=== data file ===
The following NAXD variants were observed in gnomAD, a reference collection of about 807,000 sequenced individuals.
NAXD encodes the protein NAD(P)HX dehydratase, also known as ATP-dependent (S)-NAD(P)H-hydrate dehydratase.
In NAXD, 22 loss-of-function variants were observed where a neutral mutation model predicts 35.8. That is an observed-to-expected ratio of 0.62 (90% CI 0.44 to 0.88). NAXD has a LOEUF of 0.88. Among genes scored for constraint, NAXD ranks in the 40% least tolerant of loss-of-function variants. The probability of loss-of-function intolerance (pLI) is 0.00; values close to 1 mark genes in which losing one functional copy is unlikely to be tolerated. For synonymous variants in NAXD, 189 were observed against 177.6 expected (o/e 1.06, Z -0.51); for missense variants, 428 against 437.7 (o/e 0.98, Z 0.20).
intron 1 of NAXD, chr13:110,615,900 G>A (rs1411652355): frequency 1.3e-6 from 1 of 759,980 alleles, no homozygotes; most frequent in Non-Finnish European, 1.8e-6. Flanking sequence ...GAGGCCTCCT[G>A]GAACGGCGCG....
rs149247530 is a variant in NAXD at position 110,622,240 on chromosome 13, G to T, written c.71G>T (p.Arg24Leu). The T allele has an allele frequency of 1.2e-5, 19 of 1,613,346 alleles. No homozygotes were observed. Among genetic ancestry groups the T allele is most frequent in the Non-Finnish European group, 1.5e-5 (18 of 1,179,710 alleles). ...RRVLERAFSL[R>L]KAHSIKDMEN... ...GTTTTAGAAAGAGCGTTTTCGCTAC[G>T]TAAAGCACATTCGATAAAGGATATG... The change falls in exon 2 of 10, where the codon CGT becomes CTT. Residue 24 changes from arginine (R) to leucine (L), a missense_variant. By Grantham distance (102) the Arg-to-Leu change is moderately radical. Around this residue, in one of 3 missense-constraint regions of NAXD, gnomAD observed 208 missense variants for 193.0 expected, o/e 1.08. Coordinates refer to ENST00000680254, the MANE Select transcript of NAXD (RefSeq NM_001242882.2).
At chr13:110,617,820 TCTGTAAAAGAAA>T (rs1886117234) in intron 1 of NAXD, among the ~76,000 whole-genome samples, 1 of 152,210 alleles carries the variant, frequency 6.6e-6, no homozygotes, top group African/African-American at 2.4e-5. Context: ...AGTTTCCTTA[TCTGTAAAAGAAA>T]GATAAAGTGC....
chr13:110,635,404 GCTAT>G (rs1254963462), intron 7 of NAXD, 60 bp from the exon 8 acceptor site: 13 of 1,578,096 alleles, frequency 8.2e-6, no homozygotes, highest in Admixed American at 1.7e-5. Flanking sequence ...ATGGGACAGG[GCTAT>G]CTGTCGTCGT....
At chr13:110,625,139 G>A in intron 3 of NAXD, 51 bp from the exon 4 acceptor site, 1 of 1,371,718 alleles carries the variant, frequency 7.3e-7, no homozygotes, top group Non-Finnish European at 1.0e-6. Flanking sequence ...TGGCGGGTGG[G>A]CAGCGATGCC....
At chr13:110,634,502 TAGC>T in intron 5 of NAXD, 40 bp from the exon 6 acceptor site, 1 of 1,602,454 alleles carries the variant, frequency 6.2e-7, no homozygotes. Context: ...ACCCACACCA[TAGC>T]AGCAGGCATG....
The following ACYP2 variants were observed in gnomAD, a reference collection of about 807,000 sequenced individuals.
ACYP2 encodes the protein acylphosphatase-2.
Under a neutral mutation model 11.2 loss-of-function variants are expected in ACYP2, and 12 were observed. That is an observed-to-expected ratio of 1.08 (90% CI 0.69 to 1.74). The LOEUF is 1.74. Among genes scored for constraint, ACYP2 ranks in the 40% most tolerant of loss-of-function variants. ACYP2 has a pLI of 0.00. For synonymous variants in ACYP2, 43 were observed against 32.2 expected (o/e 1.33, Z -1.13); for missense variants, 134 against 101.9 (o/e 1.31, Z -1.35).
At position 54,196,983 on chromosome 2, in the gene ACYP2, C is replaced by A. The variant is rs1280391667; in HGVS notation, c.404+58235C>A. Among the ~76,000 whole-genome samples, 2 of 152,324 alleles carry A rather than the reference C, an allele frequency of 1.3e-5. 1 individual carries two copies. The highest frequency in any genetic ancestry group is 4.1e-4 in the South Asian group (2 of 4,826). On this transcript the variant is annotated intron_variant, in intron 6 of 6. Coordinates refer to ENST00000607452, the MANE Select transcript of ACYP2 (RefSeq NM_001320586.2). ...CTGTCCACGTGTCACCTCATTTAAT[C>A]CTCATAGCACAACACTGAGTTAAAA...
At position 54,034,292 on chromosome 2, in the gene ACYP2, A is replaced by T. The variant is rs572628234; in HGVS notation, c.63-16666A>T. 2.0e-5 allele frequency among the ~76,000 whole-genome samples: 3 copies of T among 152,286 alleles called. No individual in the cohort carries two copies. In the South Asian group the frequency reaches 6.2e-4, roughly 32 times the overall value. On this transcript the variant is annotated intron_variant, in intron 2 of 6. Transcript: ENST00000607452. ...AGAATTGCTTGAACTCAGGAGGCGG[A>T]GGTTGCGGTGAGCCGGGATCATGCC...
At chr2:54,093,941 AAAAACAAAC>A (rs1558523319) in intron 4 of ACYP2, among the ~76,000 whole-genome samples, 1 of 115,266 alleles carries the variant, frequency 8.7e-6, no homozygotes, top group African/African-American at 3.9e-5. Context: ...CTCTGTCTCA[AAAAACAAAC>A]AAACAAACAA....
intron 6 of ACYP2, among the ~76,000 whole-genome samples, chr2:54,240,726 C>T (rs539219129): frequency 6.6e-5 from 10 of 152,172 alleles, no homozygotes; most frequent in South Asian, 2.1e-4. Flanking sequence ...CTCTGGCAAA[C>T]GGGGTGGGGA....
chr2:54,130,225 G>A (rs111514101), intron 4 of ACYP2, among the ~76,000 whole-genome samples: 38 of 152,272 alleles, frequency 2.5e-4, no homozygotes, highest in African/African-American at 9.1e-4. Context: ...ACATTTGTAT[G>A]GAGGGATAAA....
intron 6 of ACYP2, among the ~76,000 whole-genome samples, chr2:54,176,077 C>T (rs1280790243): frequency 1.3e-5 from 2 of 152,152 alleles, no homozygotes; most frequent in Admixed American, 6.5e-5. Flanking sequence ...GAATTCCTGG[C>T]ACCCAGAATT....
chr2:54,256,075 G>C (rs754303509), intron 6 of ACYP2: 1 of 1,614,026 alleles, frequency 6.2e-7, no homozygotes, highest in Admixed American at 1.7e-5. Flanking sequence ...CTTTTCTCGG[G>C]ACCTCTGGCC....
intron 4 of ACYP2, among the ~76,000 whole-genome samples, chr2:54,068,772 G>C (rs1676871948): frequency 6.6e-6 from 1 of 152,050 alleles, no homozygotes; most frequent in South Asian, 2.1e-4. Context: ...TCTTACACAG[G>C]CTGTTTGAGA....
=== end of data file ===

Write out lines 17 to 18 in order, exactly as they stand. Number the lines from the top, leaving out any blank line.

chr2:54,130,225 G>A (rs111514101), intron 4 of ACYP2, among the ~76,000 whole-genome samples: 38 of 152,272 alleles, frequency 2.5e-4, no homozygotes, highest in African/African-American at 9.1e-4. Context: ...ACATTTGTAT[G>A]GAGGGATAAA....
intron 6 of ACYP2, among the ~76,000 whole-genome samples, chr2:54,176,077 C>T (rs1280790243): frequency 1.3e-5 from 2 of 152,152 alleles, no homozygotes; most frequent in Admixed American, 6.5e-5. Flanking sequence ...GAATTCCTGG[C>T]ACCCAGAATT....